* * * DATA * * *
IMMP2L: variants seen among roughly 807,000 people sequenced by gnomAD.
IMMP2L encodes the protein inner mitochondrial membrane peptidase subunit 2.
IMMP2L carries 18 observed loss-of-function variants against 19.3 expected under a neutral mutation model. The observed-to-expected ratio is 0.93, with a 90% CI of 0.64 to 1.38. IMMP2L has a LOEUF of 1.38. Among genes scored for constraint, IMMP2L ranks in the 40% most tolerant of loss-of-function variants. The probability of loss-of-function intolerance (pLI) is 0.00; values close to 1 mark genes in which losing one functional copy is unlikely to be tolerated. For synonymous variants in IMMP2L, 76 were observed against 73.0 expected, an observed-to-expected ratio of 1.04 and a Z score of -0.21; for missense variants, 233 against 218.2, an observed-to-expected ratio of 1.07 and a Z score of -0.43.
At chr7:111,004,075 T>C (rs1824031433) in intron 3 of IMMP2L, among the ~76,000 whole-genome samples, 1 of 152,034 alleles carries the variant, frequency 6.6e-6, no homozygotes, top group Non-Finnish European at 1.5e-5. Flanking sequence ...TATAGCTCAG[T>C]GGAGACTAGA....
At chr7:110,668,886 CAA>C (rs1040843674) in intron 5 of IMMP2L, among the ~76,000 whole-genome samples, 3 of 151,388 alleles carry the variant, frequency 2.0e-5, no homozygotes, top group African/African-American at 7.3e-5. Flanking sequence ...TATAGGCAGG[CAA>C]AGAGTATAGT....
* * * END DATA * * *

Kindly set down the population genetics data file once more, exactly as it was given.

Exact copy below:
IMMP2L: variants seen among roughly 807,000 people sequenced by gnomAD.
IMMP2L encodes the protein inner mitochondrial membrane peptidase subunit 2.
IMMP2L carries 18 observed loss-of-function variants against 19.3 expected under a neutral mutation model. The observed-to-expected ratio is 0.93, with a 90% CI of 0.64 to 1.38. IMMP2L has a LOEUF of 1.38. Among genes scored for constraint, IMMP2L ranks in the 40% most tolerant of loss-of-function variants. The probability of loss-of-function intolerance (pLI) is 0.00; values close to 1 mark genes in which losing one functional copy is unlikely to be tolerated. For synonymous variants in IMMP2L, 76 were observed against 73.0 expected, an observed-to-expected ratio of 1.04 and a Z score of -0.21; for missense variants, 233 against 218.2, an observed-to-expected ratio of 1.07 and a Z score of -0.43.
At chr7:111,004,075 T>C (rs1824031433) in intron 3 of IMMP2L, among the ~76,000 whole-genome samples, 1 of 152,034 alleles carries the variant, frequency 6.6e-6, no homozygotes, top group Non-Finnish European at 1.5e-5. Flanking sequence ...TATAGCTCAG[T>C]GGAGACTAGA....
At chr7:110,668,886 CAA>C (rs1040843674) in intron 5 of IMMP2L, among the ~76,000 whole-genome samples, 3 of 151,388 alleles carry the variant, frequency 2.0e-5, no homozygotes, top group African/African-American at 7.3e-5. Flanking sequence ...TATAGGCAGG[CAA>C]AGAGTATAGT....